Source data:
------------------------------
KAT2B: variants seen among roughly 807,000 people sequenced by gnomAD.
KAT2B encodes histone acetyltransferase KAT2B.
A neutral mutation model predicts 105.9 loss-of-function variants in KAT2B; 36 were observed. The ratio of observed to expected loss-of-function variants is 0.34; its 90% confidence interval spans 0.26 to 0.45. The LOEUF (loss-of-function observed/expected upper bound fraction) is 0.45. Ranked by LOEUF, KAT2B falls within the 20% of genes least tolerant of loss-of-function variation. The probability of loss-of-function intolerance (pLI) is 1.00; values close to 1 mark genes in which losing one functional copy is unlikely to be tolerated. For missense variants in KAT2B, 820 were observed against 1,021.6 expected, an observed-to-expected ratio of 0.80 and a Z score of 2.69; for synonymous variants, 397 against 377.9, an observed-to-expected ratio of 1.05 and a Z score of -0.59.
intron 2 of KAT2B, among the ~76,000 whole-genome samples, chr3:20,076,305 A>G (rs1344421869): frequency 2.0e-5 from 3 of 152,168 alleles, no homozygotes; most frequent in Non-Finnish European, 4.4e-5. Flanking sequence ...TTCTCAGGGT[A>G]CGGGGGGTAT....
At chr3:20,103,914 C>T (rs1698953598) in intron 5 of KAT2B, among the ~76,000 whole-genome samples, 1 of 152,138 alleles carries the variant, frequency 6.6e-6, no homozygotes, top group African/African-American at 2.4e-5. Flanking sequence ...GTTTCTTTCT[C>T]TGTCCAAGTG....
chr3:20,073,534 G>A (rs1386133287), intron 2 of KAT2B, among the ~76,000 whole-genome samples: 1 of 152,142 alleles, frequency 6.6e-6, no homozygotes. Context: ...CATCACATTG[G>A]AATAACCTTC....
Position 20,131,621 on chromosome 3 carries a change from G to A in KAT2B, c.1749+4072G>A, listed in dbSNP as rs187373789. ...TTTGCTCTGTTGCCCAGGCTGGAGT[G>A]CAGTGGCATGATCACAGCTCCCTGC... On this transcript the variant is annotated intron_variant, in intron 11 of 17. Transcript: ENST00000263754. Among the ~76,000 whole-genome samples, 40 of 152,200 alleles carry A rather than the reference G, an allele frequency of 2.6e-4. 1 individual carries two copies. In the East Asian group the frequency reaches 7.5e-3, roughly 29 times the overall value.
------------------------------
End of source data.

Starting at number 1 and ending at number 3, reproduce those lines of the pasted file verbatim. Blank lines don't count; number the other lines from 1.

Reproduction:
KAT2B: variants seen among roughly 807,000 people sequenced by gnomAD.
KAT2B encodes histone acetyltransferase KAT2B.
A neutral mutation model predicts 105.9 loss-of-function variants in KAT2B; 36 were observed. The ratio of observed to expected loss-of-function variants is 0.34; its 90% confidence interval spans 0.26 to 0.45. The LOEUF (loss-of-function observed/expected upper bound fraction) is 0.45. Ranked by LOEUF, KAT2B falls within the 20% of genes least tolerant of loss-of-function variation. The probability of loss-of-function intolerance (pLI) is 1.00; values close to 1 mark genes in which losing one functional copy is unlikely to be tolerated. For missense variants in KAT2B, 820 were observed against 1,021.6 expected, an observed-to-expected ratio of 0.80 and a Z score of 2.69; for synonymous variants, 397 against 377.9, an observed-to-expected ratio of 1.05 and a Z score of -0.59.